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Flashcards in Micturition Deck (22):
1

What are the 3 phases of micturition?

Storage
Inhibition
Micturition

2

How is the storage phase maintained?

inhibits the sympathetic efferents (hypogastric nerve) creating a tonic contraction of the IUS and inhibiting contraction of the detrusor muscle.

3

How is diuresis inhibited?

Bladder fills so activates S2-S4 pelvic afferents -> signal sent to the micturition centre -> PS activation
However if conditions are not acceptable then EUS is tightened via pudendal nerve and detrusor muscle relaxed via hypogastric nerve

4

How does micturition occur?

PS efferents are stimulated releasing acetylcholine to act on SM muscarinic receptors allowing contraction of the detrusor muscle
Pudendal nerve and hypogastric inhibited so sphincters and detrusor muscle contracts

5

How much urine do you normally remove a day?

70kg adult
4 times a day
1500ml of urine

6

How is micturition diagnosed/assessed?

History, personal history, past medical history, physical exam, I-PSS

7

What is I-PSS?

International Prostate Symptoms Score
- involves frequency, urgency, nocturia
- assess quality of life due to symptoms
- mild: 0-7 (watchful waiting)
- moderate 8-19
- severe 20-35

8

What are the 3 types of symptoms you can get from the lower urinary tract?

- storage (irritative)
- voiding (obstructive)
- overactive bladder syndrome

9

What are some examples of storage/irratative symptoms?

frequency, nocturia, urge inctonience

10

What are some examples of voiding (obstructive) symptoms?

hesitance, straining, poor flow, incomplete emptying, haematuria, terminal dribbling

11

What are some examples of - overactive bladder syndrome?

urgency, frequency, nocturia

12

How do you inspect urine?

Colour and smell
Urine dipstick
Uroflowmetry (decreases with age)
Urodynamic
Ultrasound KUB
CT urogram
Nuclear imaging

13

What are the 3 main types of disorders? Examples of each

- anatomical (obstruction, BPH, incontinence)
- functional (stroke, spinal cord injury, neurological, idiopathic)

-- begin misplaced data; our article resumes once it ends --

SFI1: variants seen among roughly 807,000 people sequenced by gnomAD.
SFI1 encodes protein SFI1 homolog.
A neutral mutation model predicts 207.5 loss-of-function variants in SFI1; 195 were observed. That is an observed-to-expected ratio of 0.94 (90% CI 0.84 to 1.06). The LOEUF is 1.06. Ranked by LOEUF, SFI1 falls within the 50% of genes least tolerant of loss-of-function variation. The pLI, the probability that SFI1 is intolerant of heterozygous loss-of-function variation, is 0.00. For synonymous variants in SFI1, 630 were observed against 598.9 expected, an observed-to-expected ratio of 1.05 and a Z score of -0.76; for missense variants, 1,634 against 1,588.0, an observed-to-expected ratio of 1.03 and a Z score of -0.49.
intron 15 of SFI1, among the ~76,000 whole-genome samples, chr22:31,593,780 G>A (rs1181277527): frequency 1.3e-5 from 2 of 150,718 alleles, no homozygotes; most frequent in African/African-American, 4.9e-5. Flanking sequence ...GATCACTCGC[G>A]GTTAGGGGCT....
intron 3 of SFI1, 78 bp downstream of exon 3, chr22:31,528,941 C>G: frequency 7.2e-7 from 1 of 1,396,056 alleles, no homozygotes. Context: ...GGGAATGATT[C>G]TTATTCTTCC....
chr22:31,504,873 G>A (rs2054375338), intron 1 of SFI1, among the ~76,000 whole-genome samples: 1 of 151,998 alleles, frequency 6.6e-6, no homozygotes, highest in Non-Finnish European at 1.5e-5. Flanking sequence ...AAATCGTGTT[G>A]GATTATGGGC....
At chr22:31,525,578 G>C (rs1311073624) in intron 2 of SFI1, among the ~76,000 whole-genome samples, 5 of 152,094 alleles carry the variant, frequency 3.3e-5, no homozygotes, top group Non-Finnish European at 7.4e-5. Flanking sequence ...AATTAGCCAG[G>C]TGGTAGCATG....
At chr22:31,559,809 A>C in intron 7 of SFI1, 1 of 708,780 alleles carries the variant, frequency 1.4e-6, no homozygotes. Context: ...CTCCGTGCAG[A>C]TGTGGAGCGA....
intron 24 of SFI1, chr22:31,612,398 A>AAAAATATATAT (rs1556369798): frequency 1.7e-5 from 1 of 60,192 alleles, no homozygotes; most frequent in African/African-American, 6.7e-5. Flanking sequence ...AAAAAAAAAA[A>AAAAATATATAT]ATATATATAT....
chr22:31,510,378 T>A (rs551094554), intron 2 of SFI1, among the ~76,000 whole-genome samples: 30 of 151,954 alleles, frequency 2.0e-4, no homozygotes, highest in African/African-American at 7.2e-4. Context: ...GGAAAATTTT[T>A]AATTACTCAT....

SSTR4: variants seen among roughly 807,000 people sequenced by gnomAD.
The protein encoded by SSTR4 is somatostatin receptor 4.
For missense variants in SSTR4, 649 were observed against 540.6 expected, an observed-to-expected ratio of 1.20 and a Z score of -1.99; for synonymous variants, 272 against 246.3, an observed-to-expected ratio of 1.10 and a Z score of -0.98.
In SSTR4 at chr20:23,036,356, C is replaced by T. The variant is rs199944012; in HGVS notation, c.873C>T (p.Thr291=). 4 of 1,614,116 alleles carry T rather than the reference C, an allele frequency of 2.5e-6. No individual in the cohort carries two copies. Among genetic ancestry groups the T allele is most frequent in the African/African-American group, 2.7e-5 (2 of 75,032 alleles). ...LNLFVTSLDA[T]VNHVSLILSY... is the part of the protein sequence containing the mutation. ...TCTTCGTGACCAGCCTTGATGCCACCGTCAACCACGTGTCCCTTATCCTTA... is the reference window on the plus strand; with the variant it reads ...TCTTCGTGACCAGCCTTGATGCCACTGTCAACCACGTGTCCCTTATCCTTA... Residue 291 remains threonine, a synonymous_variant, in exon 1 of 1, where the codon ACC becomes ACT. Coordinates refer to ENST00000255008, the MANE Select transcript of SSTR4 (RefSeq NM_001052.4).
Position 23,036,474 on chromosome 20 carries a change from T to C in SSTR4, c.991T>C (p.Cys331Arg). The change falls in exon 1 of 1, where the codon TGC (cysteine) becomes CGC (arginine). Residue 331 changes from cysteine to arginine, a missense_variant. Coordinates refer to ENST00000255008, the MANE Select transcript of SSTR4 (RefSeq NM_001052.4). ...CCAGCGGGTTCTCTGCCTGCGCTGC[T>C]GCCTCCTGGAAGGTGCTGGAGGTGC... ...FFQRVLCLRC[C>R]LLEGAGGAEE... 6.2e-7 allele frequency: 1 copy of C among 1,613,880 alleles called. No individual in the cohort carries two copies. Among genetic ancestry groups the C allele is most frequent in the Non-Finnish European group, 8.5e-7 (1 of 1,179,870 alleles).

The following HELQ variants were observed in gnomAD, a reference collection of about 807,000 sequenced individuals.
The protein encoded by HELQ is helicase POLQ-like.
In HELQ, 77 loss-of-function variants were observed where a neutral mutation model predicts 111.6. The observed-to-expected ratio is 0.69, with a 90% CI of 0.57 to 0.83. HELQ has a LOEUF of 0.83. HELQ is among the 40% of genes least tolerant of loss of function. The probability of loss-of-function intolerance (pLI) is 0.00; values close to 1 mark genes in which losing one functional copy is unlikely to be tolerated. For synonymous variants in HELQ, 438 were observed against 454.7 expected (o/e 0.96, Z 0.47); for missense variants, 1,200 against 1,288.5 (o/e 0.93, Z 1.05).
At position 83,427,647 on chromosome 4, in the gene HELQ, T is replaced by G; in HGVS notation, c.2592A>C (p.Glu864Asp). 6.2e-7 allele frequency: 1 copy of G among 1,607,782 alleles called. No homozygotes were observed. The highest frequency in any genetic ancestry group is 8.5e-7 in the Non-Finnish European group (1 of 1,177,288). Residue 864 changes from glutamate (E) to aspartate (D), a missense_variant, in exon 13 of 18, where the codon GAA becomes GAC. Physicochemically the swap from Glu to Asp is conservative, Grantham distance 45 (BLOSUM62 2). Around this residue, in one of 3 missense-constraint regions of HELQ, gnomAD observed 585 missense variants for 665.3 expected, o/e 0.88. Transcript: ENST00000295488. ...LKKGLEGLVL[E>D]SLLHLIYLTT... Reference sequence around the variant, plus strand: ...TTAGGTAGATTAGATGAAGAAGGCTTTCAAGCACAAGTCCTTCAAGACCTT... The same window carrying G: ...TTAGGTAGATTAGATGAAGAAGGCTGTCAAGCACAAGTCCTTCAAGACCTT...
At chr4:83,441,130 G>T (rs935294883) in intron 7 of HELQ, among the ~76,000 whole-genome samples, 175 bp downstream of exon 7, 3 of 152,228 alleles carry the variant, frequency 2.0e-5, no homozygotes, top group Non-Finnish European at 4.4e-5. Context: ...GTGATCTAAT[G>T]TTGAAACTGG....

- medical (cardiac, hepatic, renal failure)

14

What are some lifestyle changes?

Food and smoking
Urethra milking
Pads and convenes
Caffeine means more likely bladder contraction
Acidification irritates bladder
Bladder drill

15

What are the main forms of medical therapy?

- alpha blockers
- 5 alpha reductase inhibitors
- PDE5 inhibitors
- antimuscarinics

16

How do alpha blockers and 5 alpha reductase inhibitors work?

Alpha blockers - (prevent activation of alpha receptors which activate SM/enlarge urethra lumen)
5-alpha reductase inhibitors - reduce prostate growth

17

What are some surgical options?

- TURP - transurethral resection of the prostate
- HoLEP - laser to remove prostate
- UroLIFT - holds prostate gland out of the way

18

What are the types of urinary incontinence?

- urge incontinence: overactive waves (overactive bladder)
- stress incontinence (urine leaks as weakened pelvic muscles)

19

What are some treatments for urge incontinence?

- conservative measures (fluid intake, caffeine, pads, timed voiding, pelvic floor exercises)
- tablets (anticholinergics and beta adrenergics)
- Botox/surgery (fuses synpatic vessels with end plate for hypercontinence)

20

What do anticholinergics do?

Block Ach in PS nerves
ANd in other places

21

What do beta adrenergics do?

Upregulate beta receptors in over-reactive bladder
Hypertension

22

What are some treatments for stress incontinence?

Pads, fluid intake, treat over-reactive bladder, pelvic floor exercises, vaginal cones